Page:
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Reading Other Genres

Below is only one opinion... so feel free to write a rebuttal.

Most authors will tell you the art of being good at writing requires a serious obsession with reading. At least the good ones will. After all, how can a person discover new ideas or new words without exposure to new stories? Bad writers are probably hopelessly linked to bad reading habits.

But learning to be a better writer is not just about reading, it's also about the things you read. It's common to get caught up in one genre and read only those books. Although it's rather like being trapped in one part of the bookstore. To pen a good story though requires a full set of tools. Reading and writing in one genre, is like a plumber with only a single wrench. To tell the best stories, an exceptional writer needs to submerge themselves in multiple genres, not just your favorite one. Romance stories can be used to improve Horror. Westerns can be used to improve Science Fiction (Some of the most popular Science Fiction is based on Western drama… almost to the point of plagiarism.) Fantasy can be used to improve Romance. The list goes on and on.

For any writer or storyteller, even the most experienced, it's particularly important for you to be conversant across more than one genre.


Limiting yourself to one literary genre as a writer can limit your skills, dampen your vocabulary, and keep you from picking up new ideas. If you have both a passion to read and a passion to write you can end up absorbing talents from multiple different places. Reading from various literary genres allows you to grow and expand as a writer… even if you only write in only one genre. Reading in multiple genres can open whole new worlds.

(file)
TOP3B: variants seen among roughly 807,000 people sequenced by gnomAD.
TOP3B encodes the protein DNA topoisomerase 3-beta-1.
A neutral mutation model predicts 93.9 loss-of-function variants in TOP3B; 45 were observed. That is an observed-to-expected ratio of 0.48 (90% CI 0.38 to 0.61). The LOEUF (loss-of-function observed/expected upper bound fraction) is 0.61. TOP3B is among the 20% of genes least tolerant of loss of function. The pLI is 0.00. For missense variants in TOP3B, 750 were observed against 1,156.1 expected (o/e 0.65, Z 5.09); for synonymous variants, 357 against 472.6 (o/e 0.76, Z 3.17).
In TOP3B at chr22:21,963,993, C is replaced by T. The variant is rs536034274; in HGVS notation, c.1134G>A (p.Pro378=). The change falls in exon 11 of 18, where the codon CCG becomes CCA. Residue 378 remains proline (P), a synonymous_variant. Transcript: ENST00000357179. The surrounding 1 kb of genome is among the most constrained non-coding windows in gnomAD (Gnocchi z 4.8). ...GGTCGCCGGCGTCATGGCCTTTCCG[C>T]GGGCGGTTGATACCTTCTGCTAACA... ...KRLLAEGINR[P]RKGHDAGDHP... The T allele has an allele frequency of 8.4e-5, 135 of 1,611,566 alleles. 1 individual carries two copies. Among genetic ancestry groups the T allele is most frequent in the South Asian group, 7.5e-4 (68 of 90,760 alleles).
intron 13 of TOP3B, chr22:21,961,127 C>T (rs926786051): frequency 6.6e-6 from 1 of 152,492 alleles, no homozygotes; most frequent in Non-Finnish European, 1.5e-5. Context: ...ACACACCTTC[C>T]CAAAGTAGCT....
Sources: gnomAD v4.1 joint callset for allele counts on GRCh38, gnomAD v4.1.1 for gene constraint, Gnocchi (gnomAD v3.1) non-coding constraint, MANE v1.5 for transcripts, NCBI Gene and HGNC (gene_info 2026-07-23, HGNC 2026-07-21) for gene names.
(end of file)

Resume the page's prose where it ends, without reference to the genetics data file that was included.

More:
Mystery is not usually my thing. I don't dislike it, it's just not my favorite. Recently, I picked up a copy of The Chinese Maze Murders. I not only get to pick up different aspects of telling a story, but I also got to look at stories told by a different culture and dialog like I've never read before. Talk about killing two birds with one stone.

If you get stuck reading only one genre, you may find yourself reading and then writing the same old tropes. Sooner or later, you'll find you've not only read them… but you've written them all. After a while, you'll become so conversant with the standard conventions in these story types even your readers will be able to predict the beginning, middle, and end of each of your stories. The result will be the slow and steady decline of your customer base. And if you constantly read the same stories, you'll eventually lose your ability to come up with new plots. You can enter a state of permanent writer's block. Yet reading in a genre you've never read before allows you to examine the structures those writers use to form their stories. As writers, we can often be more analytical with less favored genres than we can be with our preferred story types.